Guelbenzu Vierlas 2006
98 acres of vines planted in 1980 to 50% Cabernet Sauvignon, 20% Merlot and 30% Tempranillo, dispersed in numerous small plots encircling Cascante in the Queiles River Valley. The 7,600-foot Sierra del Moncayo rises just 20 miles to the south, its late-melting snows providing adequate moisture in the sub soils to withstand summer droughts. The vineyards lie between 1200 and 1800 feet, ripening the grapes in stages for an unhurried and perfectly timed harvest.
The modern winery maintains Don Miguel's original gravity-flow design from 1851, and is a gem of space utilization. Stainless fermentation tanks were inserted through the roof of building formerly devoted to olive oil production, while custom-made 10,000-litre Aillers oak uprights (for assemblage) fill the original cellar. Barriques are of various French oak types in which Guelbenzu's aged reds spend one full year prior to bottling, racked four times. The enologist, Yoseba Altuna, is a French educated native of Navarra with experience in a top Bordeaux Chateaux.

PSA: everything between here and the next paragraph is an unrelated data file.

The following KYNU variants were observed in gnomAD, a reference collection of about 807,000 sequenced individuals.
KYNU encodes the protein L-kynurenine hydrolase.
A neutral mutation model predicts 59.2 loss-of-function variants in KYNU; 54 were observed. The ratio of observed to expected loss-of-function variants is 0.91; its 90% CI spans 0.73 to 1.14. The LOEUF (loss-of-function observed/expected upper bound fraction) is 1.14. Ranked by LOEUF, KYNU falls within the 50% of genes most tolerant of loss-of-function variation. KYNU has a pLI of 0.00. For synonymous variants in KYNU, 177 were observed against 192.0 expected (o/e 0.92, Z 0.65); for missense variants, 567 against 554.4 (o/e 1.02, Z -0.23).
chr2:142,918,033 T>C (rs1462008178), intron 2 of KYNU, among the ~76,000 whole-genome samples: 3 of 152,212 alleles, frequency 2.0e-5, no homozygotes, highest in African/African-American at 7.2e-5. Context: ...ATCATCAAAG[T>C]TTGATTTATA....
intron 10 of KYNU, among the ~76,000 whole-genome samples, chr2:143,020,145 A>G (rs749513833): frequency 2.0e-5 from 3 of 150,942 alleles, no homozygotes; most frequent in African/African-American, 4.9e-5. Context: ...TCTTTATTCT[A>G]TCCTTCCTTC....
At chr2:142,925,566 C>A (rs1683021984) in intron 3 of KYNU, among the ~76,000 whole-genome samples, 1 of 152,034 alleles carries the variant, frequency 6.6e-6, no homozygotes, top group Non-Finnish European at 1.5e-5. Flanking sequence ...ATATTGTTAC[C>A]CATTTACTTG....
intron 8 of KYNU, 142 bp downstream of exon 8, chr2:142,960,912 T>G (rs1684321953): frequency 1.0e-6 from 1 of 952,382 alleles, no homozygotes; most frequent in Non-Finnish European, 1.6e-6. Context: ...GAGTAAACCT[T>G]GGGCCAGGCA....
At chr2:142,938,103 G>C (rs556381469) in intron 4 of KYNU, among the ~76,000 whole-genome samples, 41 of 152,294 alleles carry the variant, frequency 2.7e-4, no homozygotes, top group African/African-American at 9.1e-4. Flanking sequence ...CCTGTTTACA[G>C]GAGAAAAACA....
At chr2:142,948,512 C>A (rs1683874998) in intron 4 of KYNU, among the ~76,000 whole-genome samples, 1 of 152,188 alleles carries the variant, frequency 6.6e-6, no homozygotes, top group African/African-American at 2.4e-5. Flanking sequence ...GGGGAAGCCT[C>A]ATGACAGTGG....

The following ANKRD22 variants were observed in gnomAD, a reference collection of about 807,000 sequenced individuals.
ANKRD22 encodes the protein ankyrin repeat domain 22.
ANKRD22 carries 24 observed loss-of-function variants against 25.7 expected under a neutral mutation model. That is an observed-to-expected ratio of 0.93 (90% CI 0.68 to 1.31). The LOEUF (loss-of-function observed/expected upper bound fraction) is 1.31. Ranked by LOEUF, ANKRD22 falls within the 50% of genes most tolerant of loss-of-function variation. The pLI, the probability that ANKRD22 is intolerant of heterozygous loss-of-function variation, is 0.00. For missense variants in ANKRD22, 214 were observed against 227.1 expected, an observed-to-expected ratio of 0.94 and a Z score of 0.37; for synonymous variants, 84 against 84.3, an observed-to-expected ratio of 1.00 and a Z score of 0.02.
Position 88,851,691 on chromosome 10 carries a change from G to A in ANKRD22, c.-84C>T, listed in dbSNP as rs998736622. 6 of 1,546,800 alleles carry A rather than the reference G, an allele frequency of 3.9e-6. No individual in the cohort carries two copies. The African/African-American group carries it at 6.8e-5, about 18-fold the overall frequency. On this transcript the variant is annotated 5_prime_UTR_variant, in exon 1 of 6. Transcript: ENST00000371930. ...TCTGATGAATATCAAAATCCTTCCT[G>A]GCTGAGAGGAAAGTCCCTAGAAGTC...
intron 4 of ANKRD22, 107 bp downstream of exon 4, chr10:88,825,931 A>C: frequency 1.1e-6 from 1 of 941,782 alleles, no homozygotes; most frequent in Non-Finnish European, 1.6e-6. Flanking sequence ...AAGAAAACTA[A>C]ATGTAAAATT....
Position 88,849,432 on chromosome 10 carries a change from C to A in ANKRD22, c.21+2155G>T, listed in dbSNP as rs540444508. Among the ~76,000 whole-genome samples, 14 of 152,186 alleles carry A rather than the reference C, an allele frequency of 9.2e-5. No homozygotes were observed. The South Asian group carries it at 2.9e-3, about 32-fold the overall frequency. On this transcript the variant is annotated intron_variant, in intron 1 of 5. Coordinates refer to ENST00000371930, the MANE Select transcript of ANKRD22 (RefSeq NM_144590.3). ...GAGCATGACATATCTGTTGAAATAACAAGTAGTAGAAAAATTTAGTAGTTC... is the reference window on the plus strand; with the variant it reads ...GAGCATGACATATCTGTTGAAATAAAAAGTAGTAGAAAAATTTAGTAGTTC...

Spanish red wine is known for being bold, heady, rustic and age-worthy, Spain is truly a one-of-a-kind wine-producing nation. A great majority of the country is hot, arid and drought-ridden, and since irrigation has only been recently introduced and (controversially) accepted, viticulture has sustained—and flourished—only through a great understanding of Spain’s particular conditions. Large spacing between vines allows each enough resources to survive and as a result, the country has the most acreage under vine compared to any other country, but is usually third in production.
Of the Spanish red wines, the most planted and respected grape variety is Tempranillo, the star of Spain’s Rioja and Ribera del Duero regions. Priorat specializes in bold red blends, Jumilla has gained global recognition for its single varietal Monastrell and Utiel-Requena has garnered recent attention for its reds made of Bobal.